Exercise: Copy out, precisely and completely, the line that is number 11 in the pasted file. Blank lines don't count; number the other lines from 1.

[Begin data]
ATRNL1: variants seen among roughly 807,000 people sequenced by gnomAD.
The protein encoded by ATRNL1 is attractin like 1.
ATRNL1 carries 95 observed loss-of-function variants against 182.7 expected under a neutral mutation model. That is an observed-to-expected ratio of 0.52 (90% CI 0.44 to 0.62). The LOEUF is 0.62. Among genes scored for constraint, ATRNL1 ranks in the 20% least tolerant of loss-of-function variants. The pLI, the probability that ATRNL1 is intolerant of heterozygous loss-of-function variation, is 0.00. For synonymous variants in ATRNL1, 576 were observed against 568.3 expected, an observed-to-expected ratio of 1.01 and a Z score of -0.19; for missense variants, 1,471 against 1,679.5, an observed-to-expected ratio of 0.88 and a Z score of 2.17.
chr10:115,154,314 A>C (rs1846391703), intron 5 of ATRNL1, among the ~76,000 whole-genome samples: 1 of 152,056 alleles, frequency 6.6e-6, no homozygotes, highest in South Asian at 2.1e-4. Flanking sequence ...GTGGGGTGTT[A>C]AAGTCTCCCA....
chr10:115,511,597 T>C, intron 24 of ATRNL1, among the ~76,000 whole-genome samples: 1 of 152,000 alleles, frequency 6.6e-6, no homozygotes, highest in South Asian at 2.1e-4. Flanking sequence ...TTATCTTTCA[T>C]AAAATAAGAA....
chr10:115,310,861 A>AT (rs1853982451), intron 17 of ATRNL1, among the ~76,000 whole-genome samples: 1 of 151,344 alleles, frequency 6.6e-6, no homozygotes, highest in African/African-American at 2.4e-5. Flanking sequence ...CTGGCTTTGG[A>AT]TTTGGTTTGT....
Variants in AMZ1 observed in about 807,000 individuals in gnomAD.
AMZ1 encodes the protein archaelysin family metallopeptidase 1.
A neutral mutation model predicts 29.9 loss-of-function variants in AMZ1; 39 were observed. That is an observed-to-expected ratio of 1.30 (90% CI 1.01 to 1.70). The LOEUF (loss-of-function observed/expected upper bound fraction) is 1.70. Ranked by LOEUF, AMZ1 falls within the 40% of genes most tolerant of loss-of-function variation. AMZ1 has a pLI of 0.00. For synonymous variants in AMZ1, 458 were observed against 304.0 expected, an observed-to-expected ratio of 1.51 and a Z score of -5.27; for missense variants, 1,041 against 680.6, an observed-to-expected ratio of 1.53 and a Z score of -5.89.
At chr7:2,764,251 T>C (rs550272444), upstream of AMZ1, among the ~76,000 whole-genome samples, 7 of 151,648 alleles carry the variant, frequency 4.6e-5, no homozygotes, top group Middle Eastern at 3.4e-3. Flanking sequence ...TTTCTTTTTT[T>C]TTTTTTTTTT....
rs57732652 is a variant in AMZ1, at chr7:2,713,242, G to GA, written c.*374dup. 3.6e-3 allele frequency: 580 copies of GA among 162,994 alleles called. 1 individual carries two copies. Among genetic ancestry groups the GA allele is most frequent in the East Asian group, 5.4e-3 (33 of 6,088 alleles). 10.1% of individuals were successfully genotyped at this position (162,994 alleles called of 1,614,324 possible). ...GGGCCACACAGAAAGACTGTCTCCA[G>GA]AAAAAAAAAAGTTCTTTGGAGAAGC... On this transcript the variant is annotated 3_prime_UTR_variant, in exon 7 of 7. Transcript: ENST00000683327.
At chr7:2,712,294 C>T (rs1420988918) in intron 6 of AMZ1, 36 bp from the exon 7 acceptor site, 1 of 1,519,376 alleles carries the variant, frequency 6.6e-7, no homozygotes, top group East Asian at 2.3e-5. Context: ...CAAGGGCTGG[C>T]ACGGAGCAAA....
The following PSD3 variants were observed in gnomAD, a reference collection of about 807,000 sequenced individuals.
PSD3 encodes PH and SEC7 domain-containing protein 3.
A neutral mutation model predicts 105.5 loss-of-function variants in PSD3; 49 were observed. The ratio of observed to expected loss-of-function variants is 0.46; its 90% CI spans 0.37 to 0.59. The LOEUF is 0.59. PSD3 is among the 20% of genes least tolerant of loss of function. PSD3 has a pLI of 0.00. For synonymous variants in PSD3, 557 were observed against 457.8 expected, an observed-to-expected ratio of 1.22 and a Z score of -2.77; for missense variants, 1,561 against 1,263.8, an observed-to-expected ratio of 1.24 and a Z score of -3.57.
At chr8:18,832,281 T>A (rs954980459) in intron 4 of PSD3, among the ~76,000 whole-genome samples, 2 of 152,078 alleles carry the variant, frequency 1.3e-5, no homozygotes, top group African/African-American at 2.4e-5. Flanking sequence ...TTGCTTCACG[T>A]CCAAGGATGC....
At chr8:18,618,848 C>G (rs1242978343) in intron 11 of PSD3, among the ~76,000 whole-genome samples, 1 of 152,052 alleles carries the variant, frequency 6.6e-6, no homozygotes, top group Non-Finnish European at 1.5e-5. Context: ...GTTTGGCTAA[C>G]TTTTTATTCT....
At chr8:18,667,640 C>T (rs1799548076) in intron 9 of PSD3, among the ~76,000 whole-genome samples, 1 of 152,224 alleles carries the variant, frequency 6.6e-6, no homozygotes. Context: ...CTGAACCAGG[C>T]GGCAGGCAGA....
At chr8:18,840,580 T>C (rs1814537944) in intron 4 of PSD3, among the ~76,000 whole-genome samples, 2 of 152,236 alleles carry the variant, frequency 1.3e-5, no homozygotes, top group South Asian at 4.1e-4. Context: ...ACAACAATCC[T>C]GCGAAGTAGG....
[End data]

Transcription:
rs57732652 is a variant in AMZ1, at chr7:2,713,242, G to GA, written c.*374dup. 3.6e-3 allele frequency: 580 copies of GA among 162,994 alleles called. 1 individual carries two copies. Among genetic ancestry groups the GA allele is most frequent in the East Asian group, 5.4e-3 (33 of 6,088 alleles). 10.1% of individuals were successfully genotyped at this position (162,994 alleles called of 1,614,324 possible). ...GGGCCACACAGAAAGACTGTCTCCA[G>GA]AAAAAAAAAAGTTCTTTGGAGAAGC... On this transcript the variant is annotated 3_prime_UTR_variant, in exon 7 of 7. Transcript: ENST00000683327.